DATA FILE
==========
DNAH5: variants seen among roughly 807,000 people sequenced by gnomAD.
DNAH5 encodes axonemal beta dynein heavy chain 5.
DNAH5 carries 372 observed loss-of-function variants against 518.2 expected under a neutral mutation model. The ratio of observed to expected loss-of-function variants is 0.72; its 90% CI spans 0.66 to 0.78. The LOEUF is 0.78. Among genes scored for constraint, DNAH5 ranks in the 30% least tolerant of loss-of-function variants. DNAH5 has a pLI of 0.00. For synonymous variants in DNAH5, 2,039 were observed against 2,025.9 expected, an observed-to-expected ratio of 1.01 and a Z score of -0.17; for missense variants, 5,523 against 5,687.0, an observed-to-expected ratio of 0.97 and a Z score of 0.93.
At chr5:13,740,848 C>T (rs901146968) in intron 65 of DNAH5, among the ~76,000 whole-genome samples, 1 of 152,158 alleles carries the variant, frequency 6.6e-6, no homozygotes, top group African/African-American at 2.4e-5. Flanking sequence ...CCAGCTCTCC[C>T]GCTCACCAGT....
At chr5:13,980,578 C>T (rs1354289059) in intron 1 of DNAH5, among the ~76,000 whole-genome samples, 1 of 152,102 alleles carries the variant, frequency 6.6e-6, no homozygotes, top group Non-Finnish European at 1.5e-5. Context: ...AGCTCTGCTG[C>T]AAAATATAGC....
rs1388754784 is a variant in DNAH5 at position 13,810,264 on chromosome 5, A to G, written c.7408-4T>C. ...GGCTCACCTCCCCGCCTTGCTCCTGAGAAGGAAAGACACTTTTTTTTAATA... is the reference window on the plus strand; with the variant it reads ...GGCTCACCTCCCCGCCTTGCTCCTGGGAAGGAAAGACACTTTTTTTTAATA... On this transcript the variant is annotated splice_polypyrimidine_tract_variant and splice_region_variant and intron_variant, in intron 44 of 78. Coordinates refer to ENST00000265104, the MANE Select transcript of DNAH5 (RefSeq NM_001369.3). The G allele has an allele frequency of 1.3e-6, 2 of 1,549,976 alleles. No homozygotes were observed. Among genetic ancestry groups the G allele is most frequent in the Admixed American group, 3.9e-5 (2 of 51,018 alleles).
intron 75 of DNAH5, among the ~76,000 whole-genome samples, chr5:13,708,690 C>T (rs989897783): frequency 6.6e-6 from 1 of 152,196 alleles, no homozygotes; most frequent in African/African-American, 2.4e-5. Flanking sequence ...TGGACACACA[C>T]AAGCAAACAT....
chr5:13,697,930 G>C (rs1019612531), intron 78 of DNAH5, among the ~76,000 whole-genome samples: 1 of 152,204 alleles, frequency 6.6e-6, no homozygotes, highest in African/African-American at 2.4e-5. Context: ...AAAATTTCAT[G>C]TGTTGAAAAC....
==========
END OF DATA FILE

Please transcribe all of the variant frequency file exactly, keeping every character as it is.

DNAH5: variants seen among roughly 807,000 people sequenced by gnomAD.
DNAH5 encodes axonemal beta dynein heavy chain 5.
DNAH5 carries 372 observed loss-of-function variants against 518.2 expected under a neutral mutation model. The ratio of observed to expected loss-of-function variants is 0.72; its 90% CI spans 0.66 to 0.78. The LOEUF is 0.78. Among genes scored for constraint, DNAH5 ranks in the 30% least tolerant of loss-of-function variants. DNAH5 has a pLI of 0.00. For synonymous variants in DNAH5, 2,039 were observed against 2,025.9 expected, an observed-to-expected ratio of 1.01 and a Z score of -0.17; for missense variants, 5,523 against 5,687.0, an observed-to-expected ratio of 0.97 and a Z score of 0.93.
At chr5:13,740,848 C>T (rs901146968) in intron 65 of DNAH5, among the ~76,000 whole-genome samples, 1 of 152,158 alleles carries the variant, frequency 6.6e-6, no homozygotes, top group African/African-American at 2.4e-5. Flanking sequence ...CCAGCTCTCC[C>T]GCTCACCAGT....
At chr5:13,980,578 C>T (rs1354289059) in intron 1 of DNAH5, among the ~76,000 whole-genome samples, 1 of 152,102 alleles carries the variant, frequency 6.6e-6, no homozygotes, top group Non-Finnish European at 1.5e-5. Context: ...AGCTCTGCTG[C>T]AAAATATAGC....
rs1388754784 is a variant in DNAH5 at position 13,810,264 on chromosome 5, A to G, written c.7408-4T>C. ...GGCTCACCTCCCCGCCTTGCTCCTGAGAAGGAAAGACACTTTTTTTTAATA... is the reference window on the plus strand; with the variant it reads ...GGCTCACCTCCCCGCCTTGCTCCTGGGAAGGAAAGACACTTTTTTTTAATA... On this transcript the variant is annotated splice_polypyrimidine_tract_variant and splice_region_variant and intron_variant, in intron 44 of 78. Coordinates refer to ENST00000265104, the MANE Select transcript of DNAH5 (RefSeq NM_001369.3). The G allele has an allele frequency of 1.3e-6, 2 of 1,549,976 alleles. No homozygotes were observed. Among genetic ancestry groups the G allele is most frequent in the Admixed American group, 3.9e-5 (2 of 51,018 alleles).
intron 75 of DNAH5, among the ~76,000 whole-genome samples, chr5:13,708,690 C>T (rs989897783): frequency 6.6e-6 from 1 of 152,196 alleles, no homozygotes; most frequent in African/African-American, 2.4e-5. Flanking sequence ...TGGACACACA[C>T]AAGCAAACAT....
chr5:13,697,930 G>C (rs1019612531), intron 78 of DNAH5, among the ~76,000 whole-genome samples: 1 of 152,204 alleles, frequency 6.6e-6, no homozygotes, highest in African/African-American at 2.4e-5. Context: ...AAAATTTCAT[G>C]TGTTGAAAAC....